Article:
She wants to believe his story about the disappearance of his brother, former basketball star Bison Dele, and two others off Tahiti.
But after nearly a month spent agonizing over Miles Dabord's version of events, and learning more about the allegations he was facing when he apparently committed suicide, Erica Wiese has come to interpret her former boyfriend's actions as those of someone "acting in survival mode."
In her first extended interview since reporting Dabord's account to the FBI on Sept. 10, Wiese, 31, said she wants to clarify her involvement with Dabord and let people know, "that I have told everything I know about this; I'm an open book."
"I think he was in a fight with [Dele] that ended ugly," Wiese said by telephone from her home in Northern California late Tuesday night. "Did he say to himself, 'I've got witnesses, now I have to take care of them?' Probably. Why the gold? I think he was going to do what he could to escape.... Once he gave up on that, he overdosed."
Law enforcement officials believe Dabord killed his brother, along with Dele's girlfriend, Serena Kaplan, and boat captain Bertrand Saldo, while at sea on July 7. The next day, Dabord met Wiese on the island of Moorea, near Tahiti, and he was with her until she returned home on July 15.
Dabord, also known as Kevin Williams (his brother's given name was Brian Williams, which is what he went by for much of his eight-year career in the NBA) died at a hospital in Chula Vista, Calif., last week after being taken off a respirator. He was found, comatose and nearly naked, in Mexico and was transported to the U.S. on Sept. 15. His mother, Patricia Phillips, said Dabord died as the result of an insulin overdose combined with his not taking asthma medication.
While the FBI and authorities in French Polynesia wanted to question him about the disappearances on his brother's boat, Dabord was also being hunted by Phoenix police for skipping bail in connection with his allegedly trying to buy $152,000 in gold using his brother's identification as his own on Sept 5.
Wiese said Dabord showed up at the Bay Area high-tech company where she works on Sept. 6, telling her of his failed gold purchase and the reason he attempted it.
"At first, he said, 'I came to tell you I'm leaving, I'm in trouble,' " Wiese said. "Then he said, 'I need to help Bison out, he's in trouble. It's about a missing person; there's been an accident and I need to get Bison money--gold, because it's the portable currency.' "
Wiese said Dabord confided that Karlan had died--and that he was considering suicide because of how the failed gold purchase would make him appear guilty once her death was discovered.
Dabord, Wiese added, was fearful that he was being followed by law enforcement officials and wanted to stay in a Bay Area hotel that night, then drive to Mexico the next day to obtain, "medicine you can't get here."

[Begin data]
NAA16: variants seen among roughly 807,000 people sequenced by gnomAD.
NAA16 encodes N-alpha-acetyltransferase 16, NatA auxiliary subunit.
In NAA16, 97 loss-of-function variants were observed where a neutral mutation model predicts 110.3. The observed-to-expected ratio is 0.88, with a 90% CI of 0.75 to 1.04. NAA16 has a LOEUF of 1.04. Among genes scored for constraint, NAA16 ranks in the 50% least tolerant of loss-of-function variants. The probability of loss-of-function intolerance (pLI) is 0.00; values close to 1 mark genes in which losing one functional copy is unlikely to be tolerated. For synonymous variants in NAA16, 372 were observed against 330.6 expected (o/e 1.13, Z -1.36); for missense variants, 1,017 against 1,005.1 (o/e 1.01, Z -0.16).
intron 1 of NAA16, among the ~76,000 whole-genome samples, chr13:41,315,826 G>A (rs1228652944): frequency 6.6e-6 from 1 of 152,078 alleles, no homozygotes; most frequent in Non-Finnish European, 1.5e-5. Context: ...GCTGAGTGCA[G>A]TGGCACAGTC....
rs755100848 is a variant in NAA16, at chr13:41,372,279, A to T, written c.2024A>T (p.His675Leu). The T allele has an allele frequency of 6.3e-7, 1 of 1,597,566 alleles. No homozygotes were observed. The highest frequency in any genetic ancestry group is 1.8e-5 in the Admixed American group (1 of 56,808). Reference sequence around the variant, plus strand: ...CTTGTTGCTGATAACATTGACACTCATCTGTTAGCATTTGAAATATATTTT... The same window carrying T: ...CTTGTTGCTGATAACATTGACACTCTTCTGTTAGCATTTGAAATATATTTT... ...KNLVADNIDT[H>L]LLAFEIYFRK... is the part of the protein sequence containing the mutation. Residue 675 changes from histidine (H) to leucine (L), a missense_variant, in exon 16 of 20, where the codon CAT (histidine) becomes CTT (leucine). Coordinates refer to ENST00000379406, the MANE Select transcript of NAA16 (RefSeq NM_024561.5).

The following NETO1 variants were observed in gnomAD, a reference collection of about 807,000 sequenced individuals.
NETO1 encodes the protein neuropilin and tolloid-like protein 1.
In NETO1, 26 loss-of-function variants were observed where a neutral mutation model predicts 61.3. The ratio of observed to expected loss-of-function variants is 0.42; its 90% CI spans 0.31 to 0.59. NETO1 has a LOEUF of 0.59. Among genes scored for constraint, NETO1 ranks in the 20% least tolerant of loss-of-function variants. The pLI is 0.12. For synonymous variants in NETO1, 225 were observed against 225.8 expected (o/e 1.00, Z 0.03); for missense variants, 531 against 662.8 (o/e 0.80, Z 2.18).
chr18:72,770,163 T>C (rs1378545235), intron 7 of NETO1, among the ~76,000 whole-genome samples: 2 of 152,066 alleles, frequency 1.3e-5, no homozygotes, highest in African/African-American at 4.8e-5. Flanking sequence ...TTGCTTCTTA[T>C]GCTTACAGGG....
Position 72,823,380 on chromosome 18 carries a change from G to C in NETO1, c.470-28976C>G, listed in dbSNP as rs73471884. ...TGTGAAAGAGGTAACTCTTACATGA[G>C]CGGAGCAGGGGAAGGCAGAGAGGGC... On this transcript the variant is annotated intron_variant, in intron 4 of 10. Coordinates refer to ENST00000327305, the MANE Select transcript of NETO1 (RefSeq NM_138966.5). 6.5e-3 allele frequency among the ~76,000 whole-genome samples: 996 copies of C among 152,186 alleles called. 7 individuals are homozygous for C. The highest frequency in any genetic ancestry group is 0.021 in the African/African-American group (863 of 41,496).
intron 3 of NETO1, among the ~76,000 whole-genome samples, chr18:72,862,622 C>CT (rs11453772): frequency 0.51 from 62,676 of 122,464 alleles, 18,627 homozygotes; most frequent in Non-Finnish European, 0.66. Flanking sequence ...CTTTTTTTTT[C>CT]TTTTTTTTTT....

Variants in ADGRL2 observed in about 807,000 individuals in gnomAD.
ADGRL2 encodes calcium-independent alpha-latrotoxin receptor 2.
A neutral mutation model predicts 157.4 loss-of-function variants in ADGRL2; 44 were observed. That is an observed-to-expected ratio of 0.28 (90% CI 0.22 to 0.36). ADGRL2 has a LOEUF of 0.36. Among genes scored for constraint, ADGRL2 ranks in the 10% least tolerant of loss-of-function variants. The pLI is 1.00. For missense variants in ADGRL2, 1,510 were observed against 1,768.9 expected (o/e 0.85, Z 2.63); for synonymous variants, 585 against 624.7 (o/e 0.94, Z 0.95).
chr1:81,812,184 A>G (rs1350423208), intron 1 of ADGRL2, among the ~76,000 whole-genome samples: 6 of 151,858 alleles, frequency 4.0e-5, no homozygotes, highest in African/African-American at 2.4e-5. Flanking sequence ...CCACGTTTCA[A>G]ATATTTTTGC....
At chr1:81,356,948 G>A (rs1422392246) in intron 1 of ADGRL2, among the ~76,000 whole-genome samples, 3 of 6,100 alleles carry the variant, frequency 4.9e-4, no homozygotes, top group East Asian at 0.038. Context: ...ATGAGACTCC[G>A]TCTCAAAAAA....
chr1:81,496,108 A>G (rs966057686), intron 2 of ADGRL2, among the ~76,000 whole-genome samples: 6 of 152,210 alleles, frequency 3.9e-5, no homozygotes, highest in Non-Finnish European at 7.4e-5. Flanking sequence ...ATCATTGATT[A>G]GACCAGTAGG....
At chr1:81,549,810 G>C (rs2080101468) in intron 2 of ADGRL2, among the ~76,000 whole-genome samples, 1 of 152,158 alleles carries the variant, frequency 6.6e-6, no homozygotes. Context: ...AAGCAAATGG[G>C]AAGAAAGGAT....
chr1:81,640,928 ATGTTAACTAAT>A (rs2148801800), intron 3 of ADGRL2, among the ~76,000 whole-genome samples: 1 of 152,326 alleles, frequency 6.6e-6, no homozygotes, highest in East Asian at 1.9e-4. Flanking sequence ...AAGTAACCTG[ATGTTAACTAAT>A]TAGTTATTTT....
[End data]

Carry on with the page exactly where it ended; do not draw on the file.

On the morning of Sept. 7, Wiese said she and Dabord awoke in the hotel room and cried together for more than an hour. She sobbed while retelling the story: "When you've got a man crying in your arms, telling you he wants to spend the last hours of his life with you.... I just wanted to be there for him. We were in love."
They drove to a motel in San Ysidro, Calif., near the Mexican border, where Dabord detailed his account of the three deaths that evening. Wiese said she awoke the next morning, Sept. 8, fearful that she might be in danger because of her knowledge about the deaths.
"I just want to go home," Wiese told Dabord. "I know too much."
She then drove back to Palo Alto, taking a call from Dabord to her cell phone along the way. He had crossed into Mexico. That was the last she said she heard from him.
That night, she said she slept on her couch--a knife and a telephone within arm's reach.
"I'd be lying if I said I didn't think about a scenario where Miles would be saying to himself, 'Holy ..., I've told someone about this, I have to take care of it,' " Wiese said. "That's why I slept with the knife. It was a worst-case scenario."
The FBI does not consider Wiese an accomplice to Dabord, but others, including Kevin Porter, Dele's personal assistant, regard her as a potentially key witness.
"From July 8, when Erica arrived in Tahiti to vacation with Miles, to Sept. 7, when she has said Miles told her exactly what happened, that's about 60 days," Porter said. "You're trying to tell me Miles didn't say anything about this to her between then? This is what keeps me up at night."
Wiese said this was Dabord's account of what happened on the boat: He and Bison were fighting--a combination of past frictions--when Karlan was fatally injured while trying to intercede. Saldo was killed by Dele because the captain wanted to report Karlan's death to authorities. The fight with Dele continued after Saldo was killed, leading Dabord to shoot and kill Dele in self-defense. Dabord said he then weighted the three bodies and dumped them overboard.
"I just listened," Wiese said, "in shock."
Wiese repeated Dabord's account to a Sonoma County sheriff on the night of Sept. 9. At first, she said, the detective asked, "Can this wait until tomorrow?" She said it couldn't.